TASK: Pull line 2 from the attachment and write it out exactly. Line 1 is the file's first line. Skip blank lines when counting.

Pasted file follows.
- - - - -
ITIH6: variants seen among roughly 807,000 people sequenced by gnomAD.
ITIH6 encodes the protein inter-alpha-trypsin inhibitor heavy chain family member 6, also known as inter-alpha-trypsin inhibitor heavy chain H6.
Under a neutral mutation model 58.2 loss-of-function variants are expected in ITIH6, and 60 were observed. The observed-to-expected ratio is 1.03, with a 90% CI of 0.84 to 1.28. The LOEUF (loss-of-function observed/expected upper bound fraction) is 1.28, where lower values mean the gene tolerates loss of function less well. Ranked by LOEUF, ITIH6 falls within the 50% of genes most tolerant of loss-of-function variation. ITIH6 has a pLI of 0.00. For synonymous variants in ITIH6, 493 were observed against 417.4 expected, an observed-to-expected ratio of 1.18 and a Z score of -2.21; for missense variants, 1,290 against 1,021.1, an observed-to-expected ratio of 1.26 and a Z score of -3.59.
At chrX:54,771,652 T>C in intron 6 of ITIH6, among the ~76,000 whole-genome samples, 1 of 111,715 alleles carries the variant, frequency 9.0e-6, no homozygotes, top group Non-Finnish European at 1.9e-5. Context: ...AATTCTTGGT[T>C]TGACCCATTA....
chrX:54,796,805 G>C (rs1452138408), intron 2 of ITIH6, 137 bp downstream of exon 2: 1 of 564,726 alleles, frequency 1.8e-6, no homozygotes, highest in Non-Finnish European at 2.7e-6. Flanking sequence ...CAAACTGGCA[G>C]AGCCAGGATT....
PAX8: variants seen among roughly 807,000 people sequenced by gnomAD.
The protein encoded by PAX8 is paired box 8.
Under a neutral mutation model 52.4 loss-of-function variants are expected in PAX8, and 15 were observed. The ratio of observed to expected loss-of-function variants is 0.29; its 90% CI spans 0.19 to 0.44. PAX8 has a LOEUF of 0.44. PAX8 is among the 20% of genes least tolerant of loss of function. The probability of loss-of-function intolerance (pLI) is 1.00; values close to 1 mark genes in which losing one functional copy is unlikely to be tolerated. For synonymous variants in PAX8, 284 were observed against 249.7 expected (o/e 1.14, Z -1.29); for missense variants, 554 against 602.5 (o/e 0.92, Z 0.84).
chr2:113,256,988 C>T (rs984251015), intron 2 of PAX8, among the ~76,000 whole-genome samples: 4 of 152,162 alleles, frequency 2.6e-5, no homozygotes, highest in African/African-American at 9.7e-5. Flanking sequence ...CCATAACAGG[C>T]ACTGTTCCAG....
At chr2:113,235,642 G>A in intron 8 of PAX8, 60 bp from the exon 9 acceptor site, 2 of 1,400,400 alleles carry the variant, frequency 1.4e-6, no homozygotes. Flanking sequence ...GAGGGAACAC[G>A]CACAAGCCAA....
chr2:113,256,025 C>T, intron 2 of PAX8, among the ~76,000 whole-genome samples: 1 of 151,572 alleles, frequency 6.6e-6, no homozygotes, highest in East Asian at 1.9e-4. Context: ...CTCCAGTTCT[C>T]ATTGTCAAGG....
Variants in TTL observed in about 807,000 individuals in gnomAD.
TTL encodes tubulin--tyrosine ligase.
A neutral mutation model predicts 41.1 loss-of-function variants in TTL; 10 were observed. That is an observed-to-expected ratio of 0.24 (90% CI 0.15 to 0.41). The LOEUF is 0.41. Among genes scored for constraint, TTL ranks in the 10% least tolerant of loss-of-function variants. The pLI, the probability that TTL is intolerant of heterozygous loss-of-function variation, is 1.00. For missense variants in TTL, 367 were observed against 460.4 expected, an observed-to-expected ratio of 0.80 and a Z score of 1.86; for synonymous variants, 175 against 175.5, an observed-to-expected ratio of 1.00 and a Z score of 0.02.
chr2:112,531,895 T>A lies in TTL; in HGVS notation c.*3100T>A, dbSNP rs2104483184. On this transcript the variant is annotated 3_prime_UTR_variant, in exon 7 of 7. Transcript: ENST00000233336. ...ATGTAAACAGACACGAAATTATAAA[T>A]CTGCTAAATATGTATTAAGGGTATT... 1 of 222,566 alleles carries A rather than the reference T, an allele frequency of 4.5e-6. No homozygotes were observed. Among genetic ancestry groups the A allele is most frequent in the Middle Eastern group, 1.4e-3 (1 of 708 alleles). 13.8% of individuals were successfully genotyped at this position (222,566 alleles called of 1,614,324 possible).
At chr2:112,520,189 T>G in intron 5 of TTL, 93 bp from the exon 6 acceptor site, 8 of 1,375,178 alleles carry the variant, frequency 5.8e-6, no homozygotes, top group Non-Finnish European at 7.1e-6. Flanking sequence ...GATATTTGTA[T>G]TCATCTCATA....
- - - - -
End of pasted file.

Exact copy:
ITIH6 encodes the protein inter-alpha-trypsin inhibitor heavy chain family member 6, also known as inter-alpha-trypsin inhibitor heavy chain H6.